Hogue emphasizes the contrast between the “sum innumerable” of their actions and their limited consequences by choosing to state the limitation “having only so many” between parentheses. This serves as a visual reminder of their containment, the phrase itself contained, as well as an ironic aside to the reader. The last two lines of the poem return to the beginning stanza. After revealing to us that the relationship between the two lovers has devolved into a stalemate, she gives us this wonderful little quote from the TV commentators “plainly not serious about détente.” This is bitterly funny. The voices become not only the political voices, but also the voices of the lovers. It’s such a banal confrontation, another fight in front of the TV; then you hear a commentator sum up the state of affairs in politics and it parallels the state of affairs in your relationship. This quote gives the poem the immediacy of a relationship epiphany, that moment when you realize its all over but the shoutin’.

The final image of the poem is beautifully ominous. It functions both on a literal level and a figurative level. The windows of the house are probably open and the sound of the voices is leaking out into the surrounding trees. Even nature is no longer a refuge from the relationship; the birds have been replaced by the voices. Every line of the poem points to this, but the end is still unexpected.

The second section, “Three Streets from Desire,” is a narrative cycle about the poet’s three-year stay in New Orleans. Each poem is as beautifully wrought as Leaves; linked together they are a powerful documentation of material poverty and human reaction to it, both the privileged white poet and the black residents. What characterizes this section is Hogue’s mastery of voice. By documenting her stay in the voices of some of the people she met, she gives the series an authenticity and humanness that is remarkable. Hogue uses the qualities of specific speech varieties native to the area to subtly indicate everything from race to socio-economic level. This is most emphatically not a sentimental portrait, produced by somebody who gets to leave and is damn glad about it but looks for the beauty everywhere, no, Hogue takes an unflinching look at being poor, but still being human. The people in her poems are not metaphors or symbols, but real people.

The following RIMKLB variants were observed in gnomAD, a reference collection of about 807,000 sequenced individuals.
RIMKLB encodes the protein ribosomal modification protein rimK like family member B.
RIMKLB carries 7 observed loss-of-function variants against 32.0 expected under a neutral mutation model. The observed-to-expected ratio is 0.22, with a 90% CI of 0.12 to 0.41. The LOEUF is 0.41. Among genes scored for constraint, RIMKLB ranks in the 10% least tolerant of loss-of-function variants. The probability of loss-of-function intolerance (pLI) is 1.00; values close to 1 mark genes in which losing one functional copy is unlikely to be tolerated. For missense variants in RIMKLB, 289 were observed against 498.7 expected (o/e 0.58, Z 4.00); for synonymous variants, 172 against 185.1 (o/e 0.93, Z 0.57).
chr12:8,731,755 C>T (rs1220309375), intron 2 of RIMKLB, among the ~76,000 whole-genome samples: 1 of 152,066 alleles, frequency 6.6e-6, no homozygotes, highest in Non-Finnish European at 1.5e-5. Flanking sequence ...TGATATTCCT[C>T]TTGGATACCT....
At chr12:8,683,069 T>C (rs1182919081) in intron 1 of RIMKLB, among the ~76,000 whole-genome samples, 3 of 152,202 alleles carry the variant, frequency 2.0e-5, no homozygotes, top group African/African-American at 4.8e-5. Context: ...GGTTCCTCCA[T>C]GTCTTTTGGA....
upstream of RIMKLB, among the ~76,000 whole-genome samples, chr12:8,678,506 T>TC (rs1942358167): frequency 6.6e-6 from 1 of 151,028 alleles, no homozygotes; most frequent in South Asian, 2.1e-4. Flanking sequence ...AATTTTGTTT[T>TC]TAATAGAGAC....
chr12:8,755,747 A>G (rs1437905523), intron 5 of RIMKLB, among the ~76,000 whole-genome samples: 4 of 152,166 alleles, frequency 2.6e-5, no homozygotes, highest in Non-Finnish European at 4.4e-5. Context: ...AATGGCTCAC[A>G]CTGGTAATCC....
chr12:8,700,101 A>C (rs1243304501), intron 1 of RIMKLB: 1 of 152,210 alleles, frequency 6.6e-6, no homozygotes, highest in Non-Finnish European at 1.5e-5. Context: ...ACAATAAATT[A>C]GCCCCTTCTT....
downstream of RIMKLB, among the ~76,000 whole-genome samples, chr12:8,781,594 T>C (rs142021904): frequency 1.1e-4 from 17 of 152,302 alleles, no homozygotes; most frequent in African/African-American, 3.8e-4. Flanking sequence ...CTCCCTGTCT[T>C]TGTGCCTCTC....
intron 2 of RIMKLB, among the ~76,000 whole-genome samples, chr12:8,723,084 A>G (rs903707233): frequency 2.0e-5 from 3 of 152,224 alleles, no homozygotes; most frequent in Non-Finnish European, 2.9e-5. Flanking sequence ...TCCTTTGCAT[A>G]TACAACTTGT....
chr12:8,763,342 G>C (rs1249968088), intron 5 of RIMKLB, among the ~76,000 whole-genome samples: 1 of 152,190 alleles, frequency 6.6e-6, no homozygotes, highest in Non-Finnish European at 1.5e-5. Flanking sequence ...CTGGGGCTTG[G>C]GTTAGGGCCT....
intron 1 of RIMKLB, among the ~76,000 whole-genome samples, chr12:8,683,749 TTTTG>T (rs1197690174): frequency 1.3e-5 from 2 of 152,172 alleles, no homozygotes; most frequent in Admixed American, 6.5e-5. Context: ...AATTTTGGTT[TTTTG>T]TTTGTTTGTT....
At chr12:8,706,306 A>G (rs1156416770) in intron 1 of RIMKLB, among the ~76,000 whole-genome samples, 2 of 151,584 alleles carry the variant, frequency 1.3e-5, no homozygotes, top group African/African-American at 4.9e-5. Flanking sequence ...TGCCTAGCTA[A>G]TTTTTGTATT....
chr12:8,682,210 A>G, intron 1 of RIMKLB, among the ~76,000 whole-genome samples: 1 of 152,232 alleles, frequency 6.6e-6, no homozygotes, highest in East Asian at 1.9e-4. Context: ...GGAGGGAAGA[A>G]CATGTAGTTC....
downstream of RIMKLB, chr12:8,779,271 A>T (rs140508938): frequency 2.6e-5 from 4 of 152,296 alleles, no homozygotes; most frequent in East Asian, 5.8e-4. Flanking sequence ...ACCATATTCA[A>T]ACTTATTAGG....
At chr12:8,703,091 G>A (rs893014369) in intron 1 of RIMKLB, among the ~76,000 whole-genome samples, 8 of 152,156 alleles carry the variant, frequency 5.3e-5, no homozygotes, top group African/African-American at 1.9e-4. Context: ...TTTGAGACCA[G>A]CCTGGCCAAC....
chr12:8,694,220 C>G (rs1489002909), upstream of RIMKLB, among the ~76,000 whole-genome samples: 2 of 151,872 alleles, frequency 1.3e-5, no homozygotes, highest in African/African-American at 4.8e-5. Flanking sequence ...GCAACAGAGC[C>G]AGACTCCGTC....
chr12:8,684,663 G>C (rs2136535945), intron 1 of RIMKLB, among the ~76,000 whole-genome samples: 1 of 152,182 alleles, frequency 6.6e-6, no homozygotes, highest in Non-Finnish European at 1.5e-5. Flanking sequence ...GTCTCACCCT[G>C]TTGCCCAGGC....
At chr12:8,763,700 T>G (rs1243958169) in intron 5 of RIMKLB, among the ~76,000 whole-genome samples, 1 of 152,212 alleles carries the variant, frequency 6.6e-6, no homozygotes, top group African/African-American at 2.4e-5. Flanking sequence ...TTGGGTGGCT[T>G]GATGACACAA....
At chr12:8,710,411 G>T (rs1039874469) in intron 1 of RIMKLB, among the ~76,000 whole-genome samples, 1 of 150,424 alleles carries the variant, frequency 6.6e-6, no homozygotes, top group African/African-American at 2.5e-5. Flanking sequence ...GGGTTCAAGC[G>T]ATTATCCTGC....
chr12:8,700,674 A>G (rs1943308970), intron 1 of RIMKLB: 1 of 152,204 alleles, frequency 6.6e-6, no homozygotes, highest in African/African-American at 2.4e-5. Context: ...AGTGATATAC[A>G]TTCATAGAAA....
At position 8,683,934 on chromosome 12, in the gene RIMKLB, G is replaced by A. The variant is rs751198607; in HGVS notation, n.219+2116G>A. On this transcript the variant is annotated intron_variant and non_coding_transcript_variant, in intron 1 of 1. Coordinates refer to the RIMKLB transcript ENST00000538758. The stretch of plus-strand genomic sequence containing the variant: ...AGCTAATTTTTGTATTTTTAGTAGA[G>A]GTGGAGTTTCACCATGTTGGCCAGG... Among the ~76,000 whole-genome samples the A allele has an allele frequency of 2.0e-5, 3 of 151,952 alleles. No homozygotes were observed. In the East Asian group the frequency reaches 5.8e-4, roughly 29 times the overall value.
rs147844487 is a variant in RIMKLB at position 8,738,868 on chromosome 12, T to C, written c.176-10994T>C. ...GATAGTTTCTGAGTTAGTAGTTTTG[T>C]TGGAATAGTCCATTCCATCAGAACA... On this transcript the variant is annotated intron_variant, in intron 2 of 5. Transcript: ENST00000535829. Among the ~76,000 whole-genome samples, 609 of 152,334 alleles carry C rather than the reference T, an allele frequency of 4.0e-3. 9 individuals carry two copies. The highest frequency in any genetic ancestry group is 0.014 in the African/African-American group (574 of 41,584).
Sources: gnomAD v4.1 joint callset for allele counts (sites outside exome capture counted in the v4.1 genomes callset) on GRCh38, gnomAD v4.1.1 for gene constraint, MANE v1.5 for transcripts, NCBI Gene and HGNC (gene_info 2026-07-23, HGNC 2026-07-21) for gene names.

One of my favorite poems of the series is Mrs. Rose. The poem is in the voice of the poet’s elderly, poor, uneducated, working class neighbor. You’d think this would be an automatic recipe for condescension, and in someone else’s hand’s it probably would be, but Hogue gives her speaker a quiet dignity and, better yet, a heroic lack of self-consciousness. Mrs. Rose tells the poet:

I didn’t get much schoolin’
like you. Read when I had the time.
Oldest of nine. Worked cleaning
For the Boutiers and the Beauregards
She continues to describe her life in the same honest, rhythmically beautiful language, concluding with these lines:

…was strong as a mule
till this last sickness, thank you.
You see my scar? (She lifts her blouse.)
Got no breast no more.
What you think of that!
This speaker is a survivor, and one with a wicked sense of humor at that. The contrast between the speaker telling the poet “I didn’t get much schoolin’/ like you” then asking, “What you think of that!” when she shows off her scar seems to be designed to make the poet as uncomfortable as possible. This emphasizes that no matter how solicitous the poet is, she’s still an educated white woman, an outsider. It also records the speaker’s humanity. While Mrs. Rose took care of herself and her family in a culture that made that extremely difficult to do, she’s no saint. She’s not above getting a dig in at the outsider, even if it is a good-humored dig. She speaks like a real person, not a symbol, and as a real person, she has a poignancy and appeal that rings authentic. It is her ability to record the human beautifully and skillfully that makes Hogue such an excellent poet. Her poems are a sharp pleasure.

Barbara Deakins is a former Stadler Poetry Fellow at Bucknell University. She currently teaches at the University of Syracuse where she is a third-year-candidate in the Master of Fine Arts Program. She is on a staff of Salt Hill Magazine.